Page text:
align=leftAt a conference at the Gordon Institute of Business Science a few months ago, a fellow journalist colleague was astonished at the notion that individual journalists possibly have agendas. She admitted that editors might be pushing for certain topics, but individual journalists, no, that was just simply impossible as they are primarily reporting on the facts of the day and the timing of printing deadlines would never allow anything sinister. I am convinced that such agendas exist, and I am also not sure why it should be considered sinister.
align=leftAs much as President Thabo Mbeki or ANC President Jacob Zuma might wish, media in South Africa will not be neutral, and should for that matter never be. But what is missing though is media admitting to their impartiality.
align=leftInstead, every attack on the media is considered an attack on media freedom, an often convenient justification in order to avoid potential consequences. Sadly, those individuals or organisations attacked by the media conversely, don’t have similar abstract and vague concepts such as media freedom to hide behind. I think it is far more unethical to claim being objective when inherently not, than admitting to reporting in a biased manner and with an agenda.
align=leftFor those observing media from a scientific and academic point of view, 2007 has been pure excitement. For those, who were the focus of media attention, 2007 should have served as a serious wake-up call: the South African media are alive, kicking Ã¢Â€Â“ and getting better at doing it by the day.
align=left!_LT_STRONGBusiness media lead in critical reporting!_LT_/STRONG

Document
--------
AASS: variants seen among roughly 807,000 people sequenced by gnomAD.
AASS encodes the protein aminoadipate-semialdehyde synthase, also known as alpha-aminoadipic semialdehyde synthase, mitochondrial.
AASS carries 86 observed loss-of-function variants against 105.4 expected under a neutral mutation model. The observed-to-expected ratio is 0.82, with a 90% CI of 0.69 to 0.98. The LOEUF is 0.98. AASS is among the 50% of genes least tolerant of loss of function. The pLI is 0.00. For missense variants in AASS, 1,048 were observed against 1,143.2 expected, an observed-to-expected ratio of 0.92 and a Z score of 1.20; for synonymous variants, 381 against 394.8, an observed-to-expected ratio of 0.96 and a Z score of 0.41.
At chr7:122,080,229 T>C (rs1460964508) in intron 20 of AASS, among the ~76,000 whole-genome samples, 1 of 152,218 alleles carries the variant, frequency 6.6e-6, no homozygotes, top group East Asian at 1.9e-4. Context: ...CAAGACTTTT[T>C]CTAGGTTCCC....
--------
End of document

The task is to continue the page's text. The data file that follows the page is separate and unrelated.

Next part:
align=leftFor the above mentioned Gibs conference, I researched the content of political coverage in a selection of South African print and electronic media, with the aim of identifying certain emerging trends and patterns: which media really matter when it comes to shaping an agenda? What role did television play? Firstly, coverage on the government generally has become considerably more negative, starting in November 2004 (with a rating score of 50 on a scale of one to 100), dropping to 41 in August and September 2007.
align=leftA sure catalyst here were the focus on the Schabir Shaik as well as the Zuma trials and the subsequent dismissal of the latter as deputy president, and later the handling of Health Minister Manto Tshabalala-Msimang’s dismissal of her deputy. Since then, it is all the way down, a trend confirmed by Markinor’s survey on government performance.
align=leftBut if one thinks that it has been largely the likes of the Mail & Guardian or Sunday Times that have been driving negative coverage against government or the president, this is not the case. It has been primarily business media lashing out negative sentiment, particularly towards the president.
align=leftWhile all media types, except SABC TV news, showed considerable more negative coverage on the president, financial media had the highest share with almost one-fifth more negative coverage than positive. This was found to be a trend, starting in mid-2005 and continuing all the way towards the end of 2007. Non-financial media such as The Star or the Citizen, did not increase either volume or tone of coverage to the same extent as financial media.
align=leftIn terms of volume, Business Day drove the largest coverage of debate around government and the president in particular, but this is not surprising considering that it is the only dedicated daily financial medium. Both Sake and Business Report abstained largely from making any opinionated comments, while both FinWeek and FM raised criticism equally.